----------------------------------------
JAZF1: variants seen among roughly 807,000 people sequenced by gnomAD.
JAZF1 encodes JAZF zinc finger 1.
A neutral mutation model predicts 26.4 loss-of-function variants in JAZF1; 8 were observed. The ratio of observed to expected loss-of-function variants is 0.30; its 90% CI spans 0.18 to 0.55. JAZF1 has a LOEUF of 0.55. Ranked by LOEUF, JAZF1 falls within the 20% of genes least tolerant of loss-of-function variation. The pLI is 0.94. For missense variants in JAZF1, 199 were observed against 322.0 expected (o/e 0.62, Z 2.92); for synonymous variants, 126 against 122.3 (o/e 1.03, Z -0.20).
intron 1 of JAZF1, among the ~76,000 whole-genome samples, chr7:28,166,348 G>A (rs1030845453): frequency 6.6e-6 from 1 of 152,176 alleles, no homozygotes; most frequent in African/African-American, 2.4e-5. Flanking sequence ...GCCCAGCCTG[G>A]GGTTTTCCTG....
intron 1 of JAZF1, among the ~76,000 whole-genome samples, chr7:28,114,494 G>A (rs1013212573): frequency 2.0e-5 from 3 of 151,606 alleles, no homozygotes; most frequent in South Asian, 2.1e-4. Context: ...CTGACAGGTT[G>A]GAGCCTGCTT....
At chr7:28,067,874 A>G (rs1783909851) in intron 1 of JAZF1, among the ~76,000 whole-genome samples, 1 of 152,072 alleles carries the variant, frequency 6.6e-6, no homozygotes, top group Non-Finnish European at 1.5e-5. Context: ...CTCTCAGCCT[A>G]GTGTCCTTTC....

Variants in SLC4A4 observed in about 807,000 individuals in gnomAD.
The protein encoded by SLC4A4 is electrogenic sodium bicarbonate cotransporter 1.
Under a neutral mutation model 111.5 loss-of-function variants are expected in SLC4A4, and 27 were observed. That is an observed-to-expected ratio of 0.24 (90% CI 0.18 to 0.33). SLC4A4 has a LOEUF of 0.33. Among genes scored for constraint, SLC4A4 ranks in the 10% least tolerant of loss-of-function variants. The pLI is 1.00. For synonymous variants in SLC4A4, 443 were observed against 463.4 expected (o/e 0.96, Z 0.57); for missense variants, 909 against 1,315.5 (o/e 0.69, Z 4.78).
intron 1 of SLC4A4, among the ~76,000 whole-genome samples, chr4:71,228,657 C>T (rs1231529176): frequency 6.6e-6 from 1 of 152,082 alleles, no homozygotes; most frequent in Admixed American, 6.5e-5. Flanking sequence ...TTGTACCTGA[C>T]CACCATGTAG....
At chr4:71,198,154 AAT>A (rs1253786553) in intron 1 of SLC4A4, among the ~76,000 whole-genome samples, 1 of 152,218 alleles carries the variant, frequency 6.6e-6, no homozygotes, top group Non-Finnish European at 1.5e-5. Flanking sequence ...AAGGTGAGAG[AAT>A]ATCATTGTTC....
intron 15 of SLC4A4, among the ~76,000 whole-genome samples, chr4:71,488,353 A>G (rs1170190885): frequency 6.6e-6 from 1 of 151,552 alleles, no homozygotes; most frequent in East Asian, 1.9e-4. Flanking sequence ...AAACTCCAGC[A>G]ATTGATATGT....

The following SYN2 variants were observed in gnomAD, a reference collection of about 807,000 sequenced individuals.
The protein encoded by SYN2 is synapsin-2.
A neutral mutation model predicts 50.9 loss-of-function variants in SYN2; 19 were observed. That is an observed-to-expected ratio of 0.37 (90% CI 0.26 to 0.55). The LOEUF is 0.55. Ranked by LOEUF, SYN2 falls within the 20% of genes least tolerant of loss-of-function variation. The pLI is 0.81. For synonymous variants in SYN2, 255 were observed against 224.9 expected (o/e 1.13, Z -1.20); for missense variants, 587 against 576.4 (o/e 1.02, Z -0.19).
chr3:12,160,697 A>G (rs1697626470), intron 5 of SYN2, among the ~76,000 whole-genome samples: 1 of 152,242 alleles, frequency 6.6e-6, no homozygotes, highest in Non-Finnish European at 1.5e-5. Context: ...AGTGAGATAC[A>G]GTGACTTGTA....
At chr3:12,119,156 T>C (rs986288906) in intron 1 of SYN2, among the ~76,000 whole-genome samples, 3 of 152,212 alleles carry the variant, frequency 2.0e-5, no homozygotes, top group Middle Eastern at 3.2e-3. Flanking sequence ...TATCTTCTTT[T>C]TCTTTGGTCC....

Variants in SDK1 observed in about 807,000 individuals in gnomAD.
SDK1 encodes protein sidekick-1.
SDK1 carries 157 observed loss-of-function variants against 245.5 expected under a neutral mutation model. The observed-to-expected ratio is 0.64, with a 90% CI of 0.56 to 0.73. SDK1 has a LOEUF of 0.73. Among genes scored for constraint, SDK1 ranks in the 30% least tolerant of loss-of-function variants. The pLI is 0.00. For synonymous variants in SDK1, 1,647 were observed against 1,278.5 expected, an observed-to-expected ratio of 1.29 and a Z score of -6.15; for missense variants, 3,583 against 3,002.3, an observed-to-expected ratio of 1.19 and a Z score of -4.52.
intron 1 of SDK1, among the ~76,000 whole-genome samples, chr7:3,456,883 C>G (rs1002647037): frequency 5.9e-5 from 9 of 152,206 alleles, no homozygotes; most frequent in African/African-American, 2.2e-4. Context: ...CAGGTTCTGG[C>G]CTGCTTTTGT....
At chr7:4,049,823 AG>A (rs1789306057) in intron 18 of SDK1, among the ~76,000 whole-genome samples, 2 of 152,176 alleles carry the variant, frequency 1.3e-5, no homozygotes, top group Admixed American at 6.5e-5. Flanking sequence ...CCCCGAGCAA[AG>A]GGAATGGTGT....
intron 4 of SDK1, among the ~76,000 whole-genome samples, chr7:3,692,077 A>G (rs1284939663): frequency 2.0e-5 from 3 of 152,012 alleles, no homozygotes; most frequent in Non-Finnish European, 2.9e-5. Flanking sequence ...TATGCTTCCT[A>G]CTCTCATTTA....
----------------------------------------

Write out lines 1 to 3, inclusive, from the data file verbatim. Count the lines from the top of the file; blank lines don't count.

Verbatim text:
JAZF1: variants seen among roughly 807,000 people sequenced by gnomAD.
JAZF1 encodes JAZF zinc finger 1.
A neutral mutation model predicts 26.4 loss-of-function variants in JAZF1; 8 were observed. The ratio of observed to expected loss-of-function variants is 0.30; its 90% CI spans 0.18 to 0.55. JAZF1 has a LOEUF of 0.55. Ranked by LOEUF, JAZF1 falls within the 20% of genes least tolerant of loss-of-function variation. The pLI is 0.94. For missense variants in JAZF1, 199 were observed against 322.0 expected (o/e 0.62, Z 2.92); for synonymous variants, 126 against 122.3 (o/e 1.03, Z -0.20).